Using a text - Readiness Activities
When reading in our first language we automatically connect what we are reading to our own lives, experience and knowledge. We do this through creating mental images (usually pictures in the mind) and through using our inner voice to talk to ourselves. This helps us to understand and to remember what we are reading. But when we read in a second or foreign language we often devote all our mental energy to understanding the words and in failing to connect the text to our own lives we also fail to really understand and remember it.
We can help our students to connect what they are reading to their own lives by giving them readiness activities before we give them the text. Readiness activities are mental activities which activate the learners' minds in relation to the text they are going to read. They achieve this by stimulating the learners to make connections in their minds between their own lives and experience and the topic(s) of the text.
Here's an example of a readiness activity for the text Beginners' guide.
1. Think of the Premier League. What pictures do you see in your mind?
2. Think of your favourite Premier League team. What pictures do you see in your mind?
3. Name as many Premier League teams as you can.
4. How many teams do you think there are in the Premier League?
5. How many teams get relegated every year from the Premier League?
6. Which team has won the Premier League the most times?
7. Discuss your answers to 3-7 with a partner.
As you can see from the example, readiness activities involve the students thinking before reading. They might also include some discussion, but the main activities are the mental ones.
Here's another example. This is a readiness activity for the text The Nike Premier League Ball
1. Put pictures in your mind of a football.
2. What colour is the ball you see?
3. What qualities do you want your football to have?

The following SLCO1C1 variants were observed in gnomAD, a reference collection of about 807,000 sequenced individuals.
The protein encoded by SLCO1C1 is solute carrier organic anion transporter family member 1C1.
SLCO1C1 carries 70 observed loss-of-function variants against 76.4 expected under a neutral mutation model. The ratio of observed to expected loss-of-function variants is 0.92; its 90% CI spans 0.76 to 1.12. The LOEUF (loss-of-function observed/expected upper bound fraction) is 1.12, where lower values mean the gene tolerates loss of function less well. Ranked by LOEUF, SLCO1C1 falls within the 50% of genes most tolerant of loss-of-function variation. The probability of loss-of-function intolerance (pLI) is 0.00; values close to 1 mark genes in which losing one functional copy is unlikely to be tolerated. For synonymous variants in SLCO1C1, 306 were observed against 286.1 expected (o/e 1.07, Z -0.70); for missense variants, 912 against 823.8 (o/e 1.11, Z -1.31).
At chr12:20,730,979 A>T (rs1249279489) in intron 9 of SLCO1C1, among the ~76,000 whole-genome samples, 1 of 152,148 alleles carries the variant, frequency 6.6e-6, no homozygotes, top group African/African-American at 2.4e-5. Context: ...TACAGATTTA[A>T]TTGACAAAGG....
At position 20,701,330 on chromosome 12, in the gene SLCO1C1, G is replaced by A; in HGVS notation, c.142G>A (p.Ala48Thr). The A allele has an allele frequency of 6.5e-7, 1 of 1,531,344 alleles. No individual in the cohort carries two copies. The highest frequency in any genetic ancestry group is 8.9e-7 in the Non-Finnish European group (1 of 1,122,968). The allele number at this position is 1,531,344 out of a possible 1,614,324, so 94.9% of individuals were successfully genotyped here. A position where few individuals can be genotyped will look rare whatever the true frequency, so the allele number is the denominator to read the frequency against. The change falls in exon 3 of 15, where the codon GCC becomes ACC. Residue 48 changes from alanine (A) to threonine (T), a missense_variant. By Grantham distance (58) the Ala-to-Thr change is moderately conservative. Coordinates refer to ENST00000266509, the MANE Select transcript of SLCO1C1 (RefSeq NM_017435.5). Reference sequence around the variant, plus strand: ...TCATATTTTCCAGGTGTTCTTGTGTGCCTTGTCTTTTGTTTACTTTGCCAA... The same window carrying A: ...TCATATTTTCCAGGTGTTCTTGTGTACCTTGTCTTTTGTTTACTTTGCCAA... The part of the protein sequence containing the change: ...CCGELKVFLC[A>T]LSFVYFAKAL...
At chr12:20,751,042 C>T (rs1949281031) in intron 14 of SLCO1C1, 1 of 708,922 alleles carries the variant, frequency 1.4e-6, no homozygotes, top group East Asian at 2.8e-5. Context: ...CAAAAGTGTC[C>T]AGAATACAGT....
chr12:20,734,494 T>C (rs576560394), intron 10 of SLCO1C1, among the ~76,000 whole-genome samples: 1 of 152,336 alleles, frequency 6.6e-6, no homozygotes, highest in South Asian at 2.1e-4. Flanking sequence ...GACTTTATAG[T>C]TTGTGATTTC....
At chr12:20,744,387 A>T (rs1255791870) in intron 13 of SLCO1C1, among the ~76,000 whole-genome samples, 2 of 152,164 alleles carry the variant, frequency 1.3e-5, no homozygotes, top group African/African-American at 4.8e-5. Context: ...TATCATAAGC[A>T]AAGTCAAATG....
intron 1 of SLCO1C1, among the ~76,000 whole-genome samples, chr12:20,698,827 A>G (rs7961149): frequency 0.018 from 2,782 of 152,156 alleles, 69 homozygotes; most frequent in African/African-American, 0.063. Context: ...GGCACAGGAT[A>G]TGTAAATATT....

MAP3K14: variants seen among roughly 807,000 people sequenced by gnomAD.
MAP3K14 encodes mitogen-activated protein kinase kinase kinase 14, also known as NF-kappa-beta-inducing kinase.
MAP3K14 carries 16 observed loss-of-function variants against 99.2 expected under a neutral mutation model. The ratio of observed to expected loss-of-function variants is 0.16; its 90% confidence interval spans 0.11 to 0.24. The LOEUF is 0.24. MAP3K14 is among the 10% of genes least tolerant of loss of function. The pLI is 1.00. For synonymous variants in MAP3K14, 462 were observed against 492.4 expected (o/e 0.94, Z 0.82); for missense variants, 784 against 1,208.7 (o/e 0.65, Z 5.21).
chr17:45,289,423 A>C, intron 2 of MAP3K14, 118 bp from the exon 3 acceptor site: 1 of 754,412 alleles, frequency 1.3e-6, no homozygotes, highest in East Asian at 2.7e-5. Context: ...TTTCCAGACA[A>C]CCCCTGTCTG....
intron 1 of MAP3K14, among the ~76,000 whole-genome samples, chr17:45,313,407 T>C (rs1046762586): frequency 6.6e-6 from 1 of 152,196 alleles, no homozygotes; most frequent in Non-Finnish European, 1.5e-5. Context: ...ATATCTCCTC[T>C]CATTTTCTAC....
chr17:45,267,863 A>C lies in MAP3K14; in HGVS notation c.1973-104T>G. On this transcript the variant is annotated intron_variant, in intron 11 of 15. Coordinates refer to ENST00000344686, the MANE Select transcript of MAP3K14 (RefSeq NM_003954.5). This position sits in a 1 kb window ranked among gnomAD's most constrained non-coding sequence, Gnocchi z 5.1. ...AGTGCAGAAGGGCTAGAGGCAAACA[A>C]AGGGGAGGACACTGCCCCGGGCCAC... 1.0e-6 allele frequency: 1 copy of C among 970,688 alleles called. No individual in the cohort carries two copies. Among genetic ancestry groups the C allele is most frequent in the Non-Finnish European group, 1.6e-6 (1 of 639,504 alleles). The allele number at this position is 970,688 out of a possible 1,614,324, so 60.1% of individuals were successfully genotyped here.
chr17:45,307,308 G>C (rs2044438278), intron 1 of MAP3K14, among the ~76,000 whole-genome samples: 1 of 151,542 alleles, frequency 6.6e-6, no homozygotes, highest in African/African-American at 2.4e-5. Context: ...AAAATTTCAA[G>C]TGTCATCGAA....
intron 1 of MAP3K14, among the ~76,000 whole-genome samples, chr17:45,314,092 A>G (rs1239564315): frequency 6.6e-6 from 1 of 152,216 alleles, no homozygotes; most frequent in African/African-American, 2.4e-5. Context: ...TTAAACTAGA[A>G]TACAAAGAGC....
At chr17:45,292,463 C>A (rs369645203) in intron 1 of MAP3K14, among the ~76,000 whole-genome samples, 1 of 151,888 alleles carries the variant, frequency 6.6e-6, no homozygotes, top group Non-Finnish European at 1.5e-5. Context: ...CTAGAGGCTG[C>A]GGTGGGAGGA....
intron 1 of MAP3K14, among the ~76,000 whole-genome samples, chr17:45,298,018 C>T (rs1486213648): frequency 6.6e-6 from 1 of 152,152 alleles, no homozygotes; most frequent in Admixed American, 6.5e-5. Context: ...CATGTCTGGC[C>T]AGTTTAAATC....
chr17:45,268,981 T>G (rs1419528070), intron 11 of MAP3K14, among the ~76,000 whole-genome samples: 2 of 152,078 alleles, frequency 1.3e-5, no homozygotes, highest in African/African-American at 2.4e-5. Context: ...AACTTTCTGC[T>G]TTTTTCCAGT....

4. Nike make the footballs which they play with in the Premier League. In groups of four pretend you are Premier League footballers and you are writing to Nike to tell them what sort of ball you want to play with in the Premier League.
Complete the following letter in reply to a letter you have received from Nike:
Dear Mr Stevens,
Many thanks for your letter of April 10th. In answer to your question we would like a ball which .
We also want it to and it would be good if it
Suggestions for setting the activities
1. Set mental activities rather than speaking and writing activities. The main point is to activate the students' minds.
2. Focus all the activities on the students' themselves. Focus on what they know, what they think and what they've experienced in relation to the topic(s) of the text.
3. Use your local knowledge to make the activities especially relevant to your students (e.g. by getting them to imagine a famous local player, manager or referee operating in the Premier League).
Suggestions for using the activities
1. Give your students plenty of time to think about their answers to questions and to do the mental activities. Don't make them write answers, as the main points are for them to think and to connect.
2. You could take part in the activities by answering them for yourself and then sharing your answers with your students.
3. You could design your activities so that they refer to football leagues in your country as well as to the Premier League.
4. If possible you could ask your students to watch a Premier League game on tv or read about one on the web or in a local newspaper before they read the text.
Here are two examples of such tasks:
On Monday we're going to read a passage about the Premier League. Try to watch one of the Premier League games on tv this weekend and note down any information you gain about the Premier League.
On Monday we're going to read a passage about Brazilian footballers in England. Try to watch one of the Premier League games on tv this weekend and see if there are any Brazilian players.
5. Encourage your students to talk to themselves in English when answering the thinking questions. But you could allow them to use their first language some of the time when they are talking to their friends. The main purpose of the activities at this stage isn't to practise English but to help each other to get ready to read the text.
6. If your students do talk to each other in English don't correct their grammatical errors at this stage. Just listen to the conversations and join as a participant rather than as a teacher.